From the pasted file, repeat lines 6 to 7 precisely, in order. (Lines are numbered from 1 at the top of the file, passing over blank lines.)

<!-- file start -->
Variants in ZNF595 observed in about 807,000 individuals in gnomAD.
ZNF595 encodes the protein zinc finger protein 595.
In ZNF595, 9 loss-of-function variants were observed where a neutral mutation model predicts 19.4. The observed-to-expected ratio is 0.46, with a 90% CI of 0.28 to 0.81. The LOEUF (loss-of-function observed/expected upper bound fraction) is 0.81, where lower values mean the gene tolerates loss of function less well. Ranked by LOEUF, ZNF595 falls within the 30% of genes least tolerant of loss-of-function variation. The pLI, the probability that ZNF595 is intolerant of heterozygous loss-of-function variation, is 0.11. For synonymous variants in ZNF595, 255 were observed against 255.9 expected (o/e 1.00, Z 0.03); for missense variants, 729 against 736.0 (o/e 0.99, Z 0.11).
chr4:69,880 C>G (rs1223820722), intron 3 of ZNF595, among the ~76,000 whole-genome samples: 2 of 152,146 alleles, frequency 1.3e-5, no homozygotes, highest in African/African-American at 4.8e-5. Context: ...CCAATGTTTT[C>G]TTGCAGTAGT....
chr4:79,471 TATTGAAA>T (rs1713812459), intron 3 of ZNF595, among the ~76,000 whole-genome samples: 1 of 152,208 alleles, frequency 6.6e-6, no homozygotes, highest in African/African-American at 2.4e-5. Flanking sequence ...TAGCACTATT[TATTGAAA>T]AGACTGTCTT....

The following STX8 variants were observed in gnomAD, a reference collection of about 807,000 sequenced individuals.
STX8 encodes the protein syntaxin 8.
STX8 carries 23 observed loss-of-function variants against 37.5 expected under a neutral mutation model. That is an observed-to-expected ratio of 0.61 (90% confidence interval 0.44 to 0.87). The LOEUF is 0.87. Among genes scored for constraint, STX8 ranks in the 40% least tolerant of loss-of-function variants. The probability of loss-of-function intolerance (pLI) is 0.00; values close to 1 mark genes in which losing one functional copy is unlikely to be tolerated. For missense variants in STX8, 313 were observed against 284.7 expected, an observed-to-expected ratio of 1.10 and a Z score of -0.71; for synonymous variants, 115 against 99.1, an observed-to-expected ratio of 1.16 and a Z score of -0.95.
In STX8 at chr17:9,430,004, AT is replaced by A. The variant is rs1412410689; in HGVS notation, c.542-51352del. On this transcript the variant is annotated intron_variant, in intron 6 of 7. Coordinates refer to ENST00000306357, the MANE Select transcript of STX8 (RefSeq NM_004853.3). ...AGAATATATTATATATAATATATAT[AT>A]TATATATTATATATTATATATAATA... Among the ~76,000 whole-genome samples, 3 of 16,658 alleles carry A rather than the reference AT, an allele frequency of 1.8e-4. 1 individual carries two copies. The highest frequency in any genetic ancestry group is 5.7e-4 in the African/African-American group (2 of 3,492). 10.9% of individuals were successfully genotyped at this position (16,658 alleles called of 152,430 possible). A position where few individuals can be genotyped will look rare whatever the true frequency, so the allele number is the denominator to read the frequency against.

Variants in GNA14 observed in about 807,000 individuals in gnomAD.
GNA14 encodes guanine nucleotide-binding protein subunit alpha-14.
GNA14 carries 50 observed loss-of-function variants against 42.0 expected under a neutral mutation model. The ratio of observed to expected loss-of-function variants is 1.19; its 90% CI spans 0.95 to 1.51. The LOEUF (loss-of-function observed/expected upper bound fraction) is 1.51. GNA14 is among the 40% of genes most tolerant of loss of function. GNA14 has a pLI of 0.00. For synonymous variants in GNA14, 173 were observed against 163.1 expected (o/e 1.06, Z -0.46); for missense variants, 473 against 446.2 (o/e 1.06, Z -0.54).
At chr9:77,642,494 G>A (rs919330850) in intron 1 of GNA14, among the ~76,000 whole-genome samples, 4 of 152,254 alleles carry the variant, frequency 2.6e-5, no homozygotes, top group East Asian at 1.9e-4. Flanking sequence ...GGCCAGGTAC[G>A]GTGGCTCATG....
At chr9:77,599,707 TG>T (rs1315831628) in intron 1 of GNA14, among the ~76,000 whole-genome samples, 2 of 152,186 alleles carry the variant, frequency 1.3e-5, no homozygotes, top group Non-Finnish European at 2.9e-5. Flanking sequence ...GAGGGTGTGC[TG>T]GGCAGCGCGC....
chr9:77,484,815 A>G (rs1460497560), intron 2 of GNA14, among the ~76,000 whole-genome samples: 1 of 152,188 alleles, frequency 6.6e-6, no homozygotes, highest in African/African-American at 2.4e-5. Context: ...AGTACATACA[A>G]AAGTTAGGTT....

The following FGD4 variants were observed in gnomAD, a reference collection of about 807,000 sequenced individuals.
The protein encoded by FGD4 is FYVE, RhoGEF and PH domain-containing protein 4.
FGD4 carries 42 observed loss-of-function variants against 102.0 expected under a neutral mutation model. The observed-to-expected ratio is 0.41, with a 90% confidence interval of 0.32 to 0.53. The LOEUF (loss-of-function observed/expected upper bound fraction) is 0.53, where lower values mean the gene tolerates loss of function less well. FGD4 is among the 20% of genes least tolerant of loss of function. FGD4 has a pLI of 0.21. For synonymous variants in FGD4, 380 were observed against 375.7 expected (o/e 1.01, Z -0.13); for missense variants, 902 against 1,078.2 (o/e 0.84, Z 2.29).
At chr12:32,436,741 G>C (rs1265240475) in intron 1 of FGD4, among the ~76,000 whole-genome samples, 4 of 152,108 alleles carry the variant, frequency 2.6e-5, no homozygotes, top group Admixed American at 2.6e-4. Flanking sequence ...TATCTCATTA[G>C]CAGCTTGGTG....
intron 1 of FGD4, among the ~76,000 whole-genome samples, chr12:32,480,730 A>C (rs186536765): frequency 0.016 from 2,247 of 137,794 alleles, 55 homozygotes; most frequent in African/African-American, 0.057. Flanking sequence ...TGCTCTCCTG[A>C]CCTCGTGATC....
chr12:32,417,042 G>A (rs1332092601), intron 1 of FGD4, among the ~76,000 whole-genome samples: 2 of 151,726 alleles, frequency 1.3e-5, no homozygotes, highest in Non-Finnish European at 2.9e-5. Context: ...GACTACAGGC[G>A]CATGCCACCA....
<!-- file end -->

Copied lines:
The following STX8 variants were observed in gnomAD, a reference collection of about 807,000 sequenced individuals.
STX8 encodes the protein syntaxin 8.